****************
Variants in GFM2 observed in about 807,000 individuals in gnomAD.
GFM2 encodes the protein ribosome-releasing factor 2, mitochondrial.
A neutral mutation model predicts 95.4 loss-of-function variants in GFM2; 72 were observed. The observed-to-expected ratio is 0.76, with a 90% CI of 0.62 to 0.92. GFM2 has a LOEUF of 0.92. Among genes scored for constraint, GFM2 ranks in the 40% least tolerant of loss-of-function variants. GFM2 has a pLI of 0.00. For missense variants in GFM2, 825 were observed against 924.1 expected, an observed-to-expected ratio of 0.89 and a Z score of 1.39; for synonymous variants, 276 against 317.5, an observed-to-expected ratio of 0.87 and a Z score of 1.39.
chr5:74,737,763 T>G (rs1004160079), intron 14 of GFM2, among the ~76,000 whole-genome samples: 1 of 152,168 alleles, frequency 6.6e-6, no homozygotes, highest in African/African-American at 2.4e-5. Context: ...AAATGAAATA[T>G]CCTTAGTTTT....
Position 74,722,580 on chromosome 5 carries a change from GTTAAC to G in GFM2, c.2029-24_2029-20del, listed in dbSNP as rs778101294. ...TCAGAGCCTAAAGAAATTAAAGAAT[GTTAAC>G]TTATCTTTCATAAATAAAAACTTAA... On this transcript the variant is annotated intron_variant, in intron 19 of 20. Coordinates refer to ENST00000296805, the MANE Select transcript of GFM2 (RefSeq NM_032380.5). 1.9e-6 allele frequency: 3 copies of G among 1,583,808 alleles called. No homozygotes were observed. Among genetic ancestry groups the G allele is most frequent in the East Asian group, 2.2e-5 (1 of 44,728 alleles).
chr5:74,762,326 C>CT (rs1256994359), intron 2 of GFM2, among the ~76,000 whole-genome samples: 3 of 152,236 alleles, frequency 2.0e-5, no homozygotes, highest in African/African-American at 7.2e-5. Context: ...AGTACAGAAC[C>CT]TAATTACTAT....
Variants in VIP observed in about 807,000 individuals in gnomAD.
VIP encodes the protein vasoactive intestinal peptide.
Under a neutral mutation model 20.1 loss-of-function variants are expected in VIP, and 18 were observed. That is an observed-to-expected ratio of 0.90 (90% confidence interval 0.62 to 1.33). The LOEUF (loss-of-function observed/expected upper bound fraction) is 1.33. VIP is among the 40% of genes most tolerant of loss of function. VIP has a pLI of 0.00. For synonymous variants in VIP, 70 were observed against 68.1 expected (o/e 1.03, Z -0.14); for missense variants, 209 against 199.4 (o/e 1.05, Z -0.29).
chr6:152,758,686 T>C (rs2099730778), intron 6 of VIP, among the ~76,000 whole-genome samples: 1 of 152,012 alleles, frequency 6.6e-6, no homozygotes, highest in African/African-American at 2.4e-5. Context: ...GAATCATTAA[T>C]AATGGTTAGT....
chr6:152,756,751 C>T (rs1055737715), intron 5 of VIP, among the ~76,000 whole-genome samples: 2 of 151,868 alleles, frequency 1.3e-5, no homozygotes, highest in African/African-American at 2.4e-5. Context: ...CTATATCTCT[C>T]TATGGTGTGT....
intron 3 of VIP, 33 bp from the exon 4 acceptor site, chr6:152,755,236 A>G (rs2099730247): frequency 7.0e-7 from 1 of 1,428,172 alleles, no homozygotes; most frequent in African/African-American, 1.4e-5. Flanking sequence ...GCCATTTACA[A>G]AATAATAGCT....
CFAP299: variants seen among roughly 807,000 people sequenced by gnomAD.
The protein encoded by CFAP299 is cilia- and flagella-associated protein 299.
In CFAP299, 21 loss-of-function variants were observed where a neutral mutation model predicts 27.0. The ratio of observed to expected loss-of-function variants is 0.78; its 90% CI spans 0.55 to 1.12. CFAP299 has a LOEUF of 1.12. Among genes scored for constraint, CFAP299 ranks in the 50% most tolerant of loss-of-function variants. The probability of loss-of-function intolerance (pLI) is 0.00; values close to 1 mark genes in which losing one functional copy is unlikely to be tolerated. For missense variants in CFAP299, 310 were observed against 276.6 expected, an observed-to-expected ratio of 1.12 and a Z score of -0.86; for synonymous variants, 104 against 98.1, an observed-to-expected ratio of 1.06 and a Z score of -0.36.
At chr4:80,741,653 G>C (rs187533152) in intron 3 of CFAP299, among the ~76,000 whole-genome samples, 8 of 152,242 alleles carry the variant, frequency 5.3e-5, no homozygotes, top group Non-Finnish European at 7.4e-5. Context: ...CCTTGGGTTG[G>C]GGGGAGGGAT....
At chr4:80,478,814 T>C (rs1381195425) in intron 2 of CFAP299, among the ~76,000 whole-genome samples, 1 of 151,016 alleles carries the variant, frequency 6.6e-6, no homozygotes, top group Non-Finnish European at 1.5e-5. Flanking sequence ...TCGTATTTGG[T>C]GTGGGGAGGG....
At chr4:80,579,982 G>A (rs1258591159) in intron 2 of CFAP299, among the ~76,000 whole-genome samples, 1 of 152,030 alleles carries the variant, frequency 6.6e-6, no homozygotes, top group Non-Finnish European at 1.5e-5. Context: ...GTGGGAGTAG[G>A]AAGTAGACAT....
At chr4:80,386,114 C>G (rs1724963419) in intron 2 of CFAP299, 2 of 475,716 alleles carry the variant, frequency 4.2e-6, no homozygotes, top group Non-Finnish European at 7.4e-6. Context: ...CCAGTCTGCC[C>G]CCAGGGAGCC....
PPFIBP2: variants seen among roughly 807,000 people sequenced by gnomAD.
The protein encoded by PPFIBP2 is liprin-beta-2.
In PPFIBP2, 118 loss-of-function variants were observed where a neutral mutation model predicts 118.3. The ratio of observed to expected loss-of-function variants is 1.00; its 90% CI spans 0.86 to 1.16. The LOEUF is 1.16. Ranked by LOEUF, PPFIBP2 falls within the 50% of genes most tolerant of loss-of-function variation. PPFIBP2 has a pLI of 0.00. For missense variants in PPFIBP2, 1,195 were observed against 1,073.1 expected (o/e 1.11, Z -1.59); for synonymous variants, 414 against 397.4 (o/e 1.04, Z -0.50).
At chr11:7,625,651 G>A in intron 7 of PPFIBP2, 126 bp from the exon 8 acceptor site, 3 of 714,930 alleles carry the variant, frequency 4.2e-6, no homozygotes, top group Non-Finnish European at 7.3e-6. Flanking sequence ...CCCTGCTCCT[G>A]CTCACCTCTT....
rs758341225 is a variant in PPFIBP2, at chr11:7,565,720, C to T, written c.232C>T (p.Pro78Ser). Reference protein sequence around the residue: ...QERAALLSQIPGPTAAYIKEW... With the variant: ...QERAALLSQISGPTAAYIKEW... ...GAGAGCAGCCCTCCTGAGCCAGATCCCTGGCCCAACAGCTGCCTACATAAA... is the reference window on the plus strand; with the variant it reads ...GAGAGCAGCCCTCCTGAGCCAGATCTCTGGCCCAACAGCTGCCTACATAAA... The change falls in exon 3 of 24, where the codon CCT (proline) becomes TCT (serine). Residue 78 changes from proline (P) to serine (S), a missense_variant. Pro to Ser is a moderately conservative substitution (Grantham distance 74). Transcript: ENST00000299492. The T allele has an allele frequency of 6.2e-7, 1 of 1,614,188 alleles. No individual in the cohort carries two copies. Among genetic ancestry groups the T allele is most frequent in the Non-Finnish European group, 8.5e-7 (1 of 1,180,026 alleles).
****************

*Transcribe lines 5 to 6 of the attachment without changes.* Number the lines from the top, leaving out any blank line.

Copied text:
Position 74,722,580 on chromosome 5 carries a change from GTTAAC to G in GFM2, c.2029-24_2029-20del, listed in dbSNP as rs778101294. ...TCAGAGCCTAAAGAAATTAAAGAAT[GTTAAC>G]TTATCTTTCATAAATAAAAACTTAA... On this transcript the variant is annotated intron_variant, in intron 19 of 20. Coordinates refer to ENST00000296805, the MANE Select transcript of GFM2 (RefSeq NM_032380.5). 1.9e-6 allele frequency: 3 copies of G among 1,583,808 alleles called. No homozygotes were observed. Among genetic ancestry groups the G allele is most frequent in the East Asian group, 2.2e-5 (1 of 44,728 alleles).
chr5:74,762,326 C>CT (rs1256994359), intron 2 of GFM2, among the ~76,000 whole-genome samples: 3 of 152,236 alleles, frequency 2.0e-5, no homozygotes, highest in African/African-American at 7.2e-5. Context: ...AGTACAGAAC[C>CT]TAATTACTAT....